Sélecteur de langues
Brussels, 24th January 2013
Digital Agenda: Commission asks Court of Justice to fine Portugal over exclusion of companies from providing universal service
The European Commission has asked the European Court of Justice to impose a fine on Portugal because it has not respected a 2010 Court judgment requiring it to follow EU telecoms rules when deciding who should provide universal service in Portugal. The Commission is suggesting a lump sum of € 5 277.30 per day for the period between the 2010 judgement and eventual second Court ruling.
Today's decision to refer Portugal back to the Court, with a view to imposing financial penalties, follows a previous Court referral decision from the Commission in March 2012 (IP/12/287). The Commission has taken into account the progress made by the Portuguese authorities since then, in particular through the publication of invitations to tender, and has therefore proposed a reduced lump sum.
Under EU law (the Universal Service Directive), basic services must be available throughout the country, including connection to the telephone network at a reasonable price, public pay telephones and emergency telephone numbers free of charge. The selection of any universal service provider must be based on an efficient, objective, transparent and non-discriminatory procedure. This means that all interested companies should be able to take part in the designation procedure, and no company should be excluded from tendering. Despite a 2010 ruling of the EU Court of Justice (C-154/09), Portugal has still not designated its universal service provider(s) in line with EU law.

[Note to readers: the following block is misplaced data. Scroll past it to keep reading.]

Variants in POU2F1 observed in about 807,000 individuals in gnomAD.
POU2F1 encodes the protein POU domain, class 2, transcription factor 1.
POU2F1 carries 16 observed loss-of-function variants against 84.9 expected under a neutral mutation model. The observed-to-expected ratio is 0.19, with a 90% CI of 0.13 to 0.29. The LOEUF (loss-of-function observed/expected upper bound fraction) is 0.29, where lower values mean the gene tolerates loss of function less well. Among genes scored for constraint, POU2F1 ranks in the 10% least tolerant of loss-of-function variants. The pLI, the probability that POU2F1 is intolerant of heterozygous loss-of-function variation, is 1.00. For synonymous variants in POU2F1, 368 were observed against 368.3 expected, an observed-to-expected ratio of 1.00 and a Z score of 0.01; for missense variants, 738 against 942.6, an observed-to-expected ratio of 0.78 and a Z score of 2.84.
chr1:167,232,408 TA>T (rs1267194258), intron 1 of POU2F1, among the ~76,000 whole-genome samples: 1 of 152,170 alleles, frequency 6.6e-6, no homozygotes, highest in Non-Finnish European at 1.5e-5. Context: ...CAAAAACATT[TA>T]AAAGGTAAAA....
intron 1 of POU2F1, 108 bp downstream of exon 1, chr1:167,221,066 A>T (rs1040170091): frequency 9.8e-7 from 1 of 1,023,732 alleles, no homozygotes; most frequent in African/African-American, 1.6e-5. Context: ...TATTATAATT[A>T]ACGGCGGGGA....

Liberalisation of the telecoms sector in the late 1990s was accompanied by universal service rules to act as a safety net where the market alone did not deliver basic services. The aim was to prevent social exclusion by ensuring that citizens in rural and remote areas or low-income households had affordable access to basic and essential telecoms services.
Current EU rules (the EU’s Universal Service Directive) require Member States to ensure that citizens must be able to connect to the public phone network at a fixed location and access public phone services for voice and data communications with functional access to the Internet. The Directive also requires Member States to ensure that consumers have access to directory enquiry services and directories, public payphones and special measures if they are disabled.
Under the Universal Service Directive, Member States have to determine the most efficient way to ensure the implementation of these basic telecom services. In practice this means that Member States who designate specific providers to do so must use an efficient, objective, transparent and non-discriminatory procedure to select them. No company can therefore be excluded from being designated.
Overview of telecoms infringement proceedings
For more information on the January infringement package decisions, see MEMO/13/22
For more information on EU infringement procedures, see MEMO/12/12
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